The Millstone Times August 2021

Interesting People throughout History Hedy LaMarr- Actress/ Inventor By Pam Teel Hedy Lamarr, an Austrian- American actress was once known as the most beautiful woman in the world. Accord- ing to movie goers, when Lamarr came on screen, people gasped; she literally took one's breath away. Hedy performed in many plays in Vienna and garnered many admirers. She married one of her admirers, Fried- rich Mandl, who turned out to be incredibly controlling of the young actress. Finding her marriage unbearable, and the fact that Mandl was entwined with the Nazi movement, Hedy decided to flee her husband as well as her country. She did this by disguising herself as her maid, going first to Paris, and then London. After arriving in London in 1937, she met Louis B. Mayer, head of MGM, who was scouting for talent in Europe. Mayor became enamored with her. She initially turned down the first offer he made her of $125 a week. Cleverly, she booked herself onto the same New York-bound liner that Mayor was on, and during that trip, she impressed him enough to secure a $500 a week contract. She was persuaded to change her name, Hedwig Kiesler, to distance herself from her a lead role that she played in a sexually controversial film when she was just18. She chose the surname "Lamarr" in homage to the beautiful silent film star, Barbara La Marr. She soon became one of Hollywood’s leading ladies with a string of successful films, starring opposite leading men such as Spencer Tracy, Clark Gable, Charles Boyer, James Stewart, Robert Taylor, Robert Young, William Powell, and others. Hedy was born on November 9th, 1914 into a well-to-do Jewish family. An only child, she received a great deal of attention from her father, a bank director and curious man, who inspired her to look at the world with open eyes.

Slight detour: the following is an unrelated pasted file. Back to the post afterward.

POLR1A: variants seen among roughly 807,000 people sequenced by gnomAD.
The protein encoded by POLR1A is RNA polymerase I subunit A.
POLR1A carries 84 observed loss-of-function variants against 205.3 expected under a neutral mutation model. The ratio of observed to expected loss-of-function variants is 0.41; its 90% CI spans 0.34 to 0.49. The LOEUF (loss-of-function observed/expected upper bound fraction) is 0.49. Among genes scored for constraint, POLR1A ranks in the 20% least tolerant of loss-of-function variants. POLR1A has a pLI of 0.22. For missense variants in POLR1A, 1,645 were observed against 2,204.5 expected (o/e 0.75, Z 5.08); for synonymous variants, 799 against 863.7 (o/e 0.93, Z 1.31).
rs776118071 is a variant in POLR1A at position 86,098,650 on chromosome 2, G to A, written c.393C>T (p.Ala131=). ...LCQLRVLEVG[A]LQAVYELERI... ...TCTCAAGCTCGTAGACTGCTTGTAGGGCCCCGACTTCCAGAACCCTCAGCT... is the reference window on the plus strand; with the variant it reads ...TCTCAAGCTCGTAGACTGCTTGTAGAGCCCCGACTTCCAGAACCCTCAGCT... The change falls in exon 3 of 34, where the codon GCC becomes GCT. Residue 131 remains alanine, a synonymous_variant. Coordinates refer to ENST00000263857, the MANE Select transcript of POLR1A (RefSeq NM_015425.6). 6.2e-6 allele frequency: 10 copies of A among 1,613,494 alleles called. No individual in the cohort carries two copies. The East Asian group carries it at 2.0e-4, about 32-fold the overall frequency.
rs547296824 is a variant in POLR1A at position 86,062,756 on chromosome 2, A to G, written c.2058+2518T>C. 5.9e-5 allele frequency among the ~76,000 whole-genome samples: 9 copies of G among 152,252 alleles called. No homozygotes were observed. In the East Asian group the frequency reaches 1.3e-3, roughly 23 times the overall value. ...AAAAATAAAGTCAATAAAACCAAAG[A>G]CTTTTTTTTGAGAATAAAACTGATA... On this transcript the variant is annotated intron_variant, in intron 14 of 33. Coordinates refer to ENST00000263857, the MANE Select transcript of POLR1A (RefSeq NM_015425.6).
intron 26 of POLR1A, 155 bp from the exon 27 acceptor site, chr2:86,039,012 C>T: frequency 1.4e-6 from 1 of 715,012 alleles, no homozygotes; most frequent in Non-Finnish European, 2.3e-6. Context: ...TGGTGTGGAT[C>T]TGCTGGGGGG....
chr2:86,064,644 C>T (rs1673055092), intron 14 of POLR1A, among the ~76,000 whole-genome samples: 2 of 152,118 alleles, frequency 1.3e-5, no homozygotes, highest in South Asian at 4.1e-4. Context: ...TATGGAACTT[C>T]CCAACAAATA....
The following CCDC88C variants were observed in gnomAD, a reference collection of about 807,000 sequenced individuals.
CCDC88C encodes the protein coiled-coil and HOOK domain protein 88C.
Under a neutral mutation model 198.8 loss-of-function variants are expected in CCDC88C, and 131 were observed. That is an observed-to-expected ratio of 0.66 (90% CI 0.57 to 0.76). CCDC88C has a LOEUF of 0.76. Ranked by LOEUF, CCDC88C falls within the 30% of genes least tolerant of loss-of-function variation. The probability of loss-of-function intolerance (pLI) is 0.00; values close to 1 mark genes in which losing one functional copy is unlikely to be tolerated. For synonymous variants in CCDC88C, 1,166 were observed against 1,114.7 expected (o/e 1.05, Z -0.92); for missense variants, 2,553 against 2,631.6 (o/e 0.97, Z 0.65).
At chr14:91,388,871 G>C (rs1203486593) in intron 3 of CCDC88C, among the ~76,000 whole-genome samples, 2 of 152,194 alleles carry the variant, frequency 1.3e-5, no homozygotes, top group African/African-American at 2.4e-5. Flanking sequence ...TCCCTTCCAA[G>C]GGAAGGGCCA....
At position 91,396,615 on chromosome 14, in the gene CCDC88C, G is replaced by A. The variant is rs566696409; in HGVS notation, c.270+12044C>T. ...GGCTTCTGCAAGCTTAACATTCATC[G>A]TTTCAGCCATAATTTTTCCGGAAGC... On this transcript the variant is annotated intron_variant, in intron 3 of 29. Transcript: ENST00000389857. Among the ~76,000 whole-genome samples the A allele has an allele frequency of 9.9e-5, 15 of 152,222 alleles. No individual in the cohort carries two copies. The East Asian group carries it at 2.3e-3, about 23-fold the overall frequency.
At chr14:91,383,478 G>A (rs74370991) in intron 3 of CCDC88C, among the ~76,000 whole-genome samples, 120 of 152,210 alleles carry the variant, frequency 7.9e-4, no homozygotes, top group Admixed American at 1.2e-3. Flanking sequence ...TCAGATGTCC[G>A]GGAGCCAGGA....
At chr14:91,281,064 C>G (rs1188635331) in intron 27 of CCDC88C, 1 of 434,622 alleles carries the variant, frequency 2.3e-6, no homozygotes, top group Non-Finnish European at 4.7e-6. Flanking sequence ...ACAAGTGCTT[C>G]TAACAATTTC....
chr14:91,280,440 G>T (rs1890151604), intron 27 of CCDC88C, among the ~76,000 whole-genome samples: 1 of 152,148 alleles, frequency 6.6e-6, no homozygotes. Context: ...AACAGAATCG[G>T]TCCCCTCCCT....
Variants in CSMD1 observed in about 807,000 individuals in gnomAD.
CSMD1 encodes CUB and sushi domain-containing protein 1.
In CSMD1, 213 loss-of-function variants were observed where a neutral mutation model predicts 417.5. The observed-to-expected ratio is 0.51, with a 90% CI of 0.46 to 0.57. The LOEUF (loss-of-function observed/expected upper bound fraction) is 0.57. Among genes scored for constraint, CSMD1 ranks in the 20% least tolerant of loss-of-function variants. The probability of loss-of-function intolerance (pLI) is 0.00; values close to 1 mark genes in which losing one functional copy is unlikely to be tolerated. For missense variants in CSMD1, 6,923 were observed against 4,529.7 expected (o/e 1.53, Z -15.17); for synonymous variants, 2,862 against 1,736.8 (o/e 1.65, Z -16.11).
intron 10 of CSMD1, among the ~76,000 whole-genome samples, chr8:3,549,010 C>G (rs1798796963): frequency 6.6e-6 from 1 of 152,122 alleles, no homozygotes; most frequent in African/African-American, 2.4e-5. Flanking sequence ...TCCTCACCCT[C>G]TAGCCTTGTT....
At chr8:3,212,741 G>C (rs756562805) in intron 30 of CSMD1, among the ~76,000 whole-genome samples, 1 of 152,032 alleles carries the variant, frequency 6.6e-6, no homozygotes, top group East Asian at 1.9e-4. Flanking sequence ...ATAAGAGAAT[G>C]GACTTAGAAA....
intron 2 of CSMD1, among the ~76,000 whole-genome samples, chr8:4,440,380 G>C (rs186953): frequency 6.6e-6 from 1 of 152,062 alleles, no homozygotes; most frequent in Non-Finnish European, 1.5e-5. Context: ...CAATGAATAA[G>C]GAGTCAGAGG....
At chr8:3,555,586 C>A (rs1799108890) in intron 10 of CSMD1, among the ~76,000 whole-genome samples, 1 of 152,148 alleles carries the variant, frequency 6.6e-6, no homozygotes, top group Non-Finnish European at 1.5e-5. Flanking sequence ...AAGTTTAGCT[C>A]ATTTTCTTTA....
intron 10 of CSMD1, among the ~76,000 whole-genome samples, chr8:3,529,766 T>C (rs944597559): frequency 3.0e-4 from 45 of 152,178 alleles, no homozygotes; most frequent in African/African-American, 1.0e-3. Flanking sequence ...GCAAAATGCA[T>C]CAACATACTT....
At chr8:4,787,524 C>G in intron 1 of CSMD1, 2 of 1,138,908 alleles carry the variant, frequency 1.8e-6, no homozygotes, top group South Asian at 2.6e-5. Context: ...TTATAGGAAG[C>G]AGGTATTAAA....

He would often take her for long walks where he would discuss the inner-workings of different machines, like the printing press or street cars. Those con- versations guided her thinking, and at only 5 years of age, she could be found taking apart and reassembling her music box to understand how the machine operated. Lamarr’s mother was a concert pianist and introduced her to the arts, placing her in both ballet and piano lessons from a young age. Lamarr was not happy with how she was always being portrayed in movies. They focused on her beauty and sensuality, giving her relatively few lines to say. Lamarr’s brilliant mind was ignored, and her beauty always took center stage. The lack of acting challenges bored her, and she took up the idea of inventing even more to relieve her boredom. Lamarr was also paid less than other actresses because she would not sleep with Mayer. Aviation tycoon, Howard Hughes, worked with Lamarr to improve the design of his planes. She suggested he change the rather square design to a more streamlined shape, based on pictures of the fastest birds and fish she could find. Her scientific mind had been bottled-up for a long time by Hollywood, but Hughes helped to fuel the innovator in her, giving her a small set of equipment to use in her trailer on set. While she had an inventing table set up in her house, the small set allowed Lamarr to work on inventions between takes. Hughes took her to his airplane factories, showed her how the planes were built, and introduced her to the scientists behind the process. Lamarr was inspired to innovate as Hughes wanted to create faster planes that could be sold to the US military. She bought a book of fish and a book of birds and looked at the fastest of each kind. She combined the fins of the fastest fish and the wings of the fastest bird to sketch a new wing design for Hughes’ planes. Upon showing the design to Hughes, he commented on what a genius she was. Improving things came naturally to her. She went on to create an upgraded stoplight, a tablet that dissolved in water to make a soda similar to Coca-Cola, and an aid to help those with limited mobility to bathe. However, her most significant invention was engineered as the United States geared up to enter World War II. Lamarr learned that radio-controlled torpedoes could easily be jammed and set off course. She thought of creating a frequency-hopping signal that could not be tracked. She conceived an idea and contacted her friend, composer George Antheil, who she met at a dinner party, to help her implement it. Antheil was known for his writing, film scores, and experimental music compositions. He shared the same inventive spirit as Lamarr. She and Antheil talked about a variety of topics, but of their greatest concerns was the coming war. Hedy did not feel very comfortable sitting there in Hollywood, making lots of money, when things were in such a state in the world. Taking the knowledge that she learned from her first husband about munitions and various weaponry, she and Antheil began to tinker with ideas to combat the axis powers. The two came up with an extraordinary new communication system used with the intention of guiding torpedoes to their targets in war. The system in- volved the use of “frequency hopping” amongst radio waves, with both transmitter and receiver hopping to new frequencies together. Doing so prevented the interception of the radio waves, thereby allowing the torpedo to find its intended target. After its creation, Lamarr and Antheil sought a patent and military support for the invention. While awarded U.S. Patent No. 2,292,387 in August of 1942, the Navy decided against the implementation of the new system. The rejection led Lamarr to instead support the war efforts with her celebrity by selling war bonds. Happy in her adopted country, she became an American citizen in April 1953. Lamarr’s patent expired before she ever saw a penny from it. While she continued to accumulate credits in films until 1958, her inventive genius was yet to be recognized by the public. She and Antheil pioneered the technology that would one day form the basis for today’s WiFi, GPS, and Bluetooth commu- nication systems. It wasn’t until Lamarr’s later years that she received any awards for her invention. The Electronic Frontier Foundation jointly awarded Lamarr and Antheil with their Pioneer Award in 1997. Lamarr also became the first woman to receive the Invention Convention’s Bulbie Gnass Spirit of Achievement Award. Although she died in 2000 at the age of 85, Lamarr was inducted into the National Inventors Hall of Fame for the development of her frequency hopping technology in 2014. Such achievement has led Lamarr to be dubbed “the mother of Wi-Fi” and other wireless communications like GPS and Bluetooth. Today, various spread-spectrum techniques are incorporated into Bluetooth technology and are similar to methods used in legacy versions of Wi-Fi. In the last decades of her life, Lamarr became reclusive and communicated only by telephone with the outside world.